Wednesday, June 29, 2011

Write testable Git commit messages

Having been a project manager for a couple of projects, I often find myself having to decipher team mate's code commits by digging into code diffs. Take for example.

# Poor commit message with lack of information
fix bugs on email template

Hmm. What bugs is he trying to fix? How would I know if it's really fixed? What if he wrote instead

# Slightly better with description of what the bug is
fix bugs on email template that caused HTML misalignment

Ah, that's better. At least now there's a WHAT context that I can focus on when looking through the diffs. This could possibly be enhanced with a HOW context.

# Even better message
fix bugs on email template that caused HTML misalignment by declaring inline styles on elements

Great, now the only thing left to the piece of the puzzle is WHO determined that those were bugs?

# Almost perfect
[#31] fix bugs on email template that caused HTML misalignment by declaring inline styles on elements

Ok a reference to the bug request on Github would help me find out who requested the issue.

This leads me to the concept of writing good testable commit messages. Example,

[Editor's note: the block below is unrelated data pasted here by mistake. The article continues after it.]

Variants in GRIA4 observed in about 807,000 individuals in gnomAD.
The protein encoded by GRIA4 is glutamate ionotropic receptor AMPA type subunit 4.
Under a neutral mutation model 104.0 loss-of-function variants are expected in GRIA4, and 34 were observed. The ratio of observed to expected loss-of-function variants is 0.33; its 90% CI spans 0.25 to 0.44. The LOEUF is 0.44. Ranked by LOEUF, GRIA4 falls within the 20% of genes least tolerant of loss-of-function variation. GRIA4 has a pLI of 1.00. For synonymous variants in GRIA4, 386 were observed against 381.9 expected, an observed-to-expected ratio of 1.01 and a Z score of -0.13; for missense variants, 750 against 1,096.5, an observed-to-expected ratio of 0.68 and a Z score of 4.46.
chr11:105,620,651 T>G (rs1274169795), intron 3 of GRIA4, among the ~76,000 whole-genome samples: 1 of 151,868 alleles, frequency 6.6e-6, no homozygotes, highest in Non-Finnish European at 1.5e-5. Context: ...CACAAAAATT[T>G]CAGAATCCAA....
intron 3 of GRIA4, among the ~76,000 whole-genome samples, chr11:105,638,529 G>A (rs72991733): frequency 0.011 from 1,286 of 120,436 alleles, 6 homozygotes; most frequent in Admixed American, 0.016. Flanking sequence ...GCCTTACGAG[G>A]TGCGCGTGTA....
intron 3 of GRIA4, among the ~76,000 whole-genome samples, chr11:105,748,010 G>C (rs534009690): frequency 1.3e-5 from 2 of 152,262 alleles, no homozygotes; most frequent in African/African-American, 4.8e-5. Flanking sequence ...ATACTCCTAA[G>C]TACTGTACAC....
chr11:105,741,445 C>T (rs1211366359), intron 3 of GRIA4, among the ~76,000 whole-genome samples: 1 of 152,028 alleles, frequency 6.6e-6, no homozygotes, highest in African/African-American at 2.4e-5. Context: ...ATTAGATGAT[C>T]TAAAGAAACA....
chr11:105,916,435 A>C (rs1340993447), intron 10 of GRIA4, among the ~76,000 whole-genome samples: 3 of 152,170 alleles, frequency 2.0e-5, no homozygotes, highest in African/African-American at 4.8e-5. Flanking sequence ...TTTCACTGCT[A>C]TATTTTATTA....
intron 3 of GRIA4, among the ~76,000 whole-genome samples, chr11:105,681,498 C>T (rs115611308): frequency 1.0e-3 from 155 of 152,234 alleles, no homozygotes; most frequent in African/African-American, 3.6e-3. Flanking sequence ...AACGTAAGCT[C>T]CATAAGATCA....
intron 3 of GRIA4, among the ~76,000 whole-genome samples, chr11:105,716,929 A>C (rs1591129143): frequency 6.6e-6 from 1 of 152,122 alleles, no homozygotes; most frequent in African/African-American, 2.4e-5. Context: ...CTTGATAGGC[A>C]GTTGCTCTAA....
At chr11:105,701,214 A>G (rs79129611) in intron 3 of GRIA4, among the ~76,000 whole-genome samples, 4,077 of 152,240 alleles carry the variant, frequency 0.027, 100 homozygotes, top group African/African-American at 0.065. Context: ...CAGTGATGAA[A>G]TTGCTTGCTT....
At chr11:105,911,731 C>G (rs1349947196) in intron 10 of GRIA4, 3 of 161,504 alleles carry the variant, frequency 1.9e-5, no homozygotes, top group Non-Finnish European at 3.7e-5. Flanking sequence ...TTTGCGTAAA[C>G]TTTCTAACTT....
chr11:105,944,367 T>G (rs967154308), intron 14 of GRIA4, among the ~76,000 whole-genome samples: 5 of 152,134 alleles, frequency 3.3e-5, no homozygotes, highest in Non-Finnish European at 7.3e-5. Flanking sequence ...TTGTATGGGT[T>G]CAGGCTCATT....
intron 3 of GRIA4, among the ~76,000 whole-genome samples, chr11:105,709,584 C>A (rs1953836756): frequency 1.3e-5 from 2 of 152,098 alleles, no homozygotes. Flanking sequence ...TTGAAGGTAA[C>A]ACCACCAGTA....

# A great testable commit message.
[#55] Added inline styles on HTML elements to fix bug that caused misalignment on email templates

That's a great commit message because it can be tested. I could fire up the email mailer and check that the email is indeed aligned properly. And it saves the project manager and the other team mates valuable time by cutting down time spent deciphering what the code was meant to do. Even more important if the commit messages were to be viewed many months down the road.


George Mendoza said...
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George Mendoza said...

Hi Jason,

I usually prefer to emphasize the WHY instead of the HOW in git commits:

[#100] Email templates should not have misalignments.

I think this is still in line with your suggestion of testable git commits, since it describes in testable terms what the commit aims to accomplish.

Also, without the technical details, the commit can also be read by the client. If he were so inclined :)

As for the HOW, I usually leave it out, thinking that Ruby code is readable enough to show what is happening. Still, your post makes me wonder about the pros/cons of adding the HOW to commit messages :)



Nazeer said...

Nice reading about commit messages. We do pair programming. Some time we may have different way of committing messages. This post will surely shed some lights and make uniform style.

Thanks George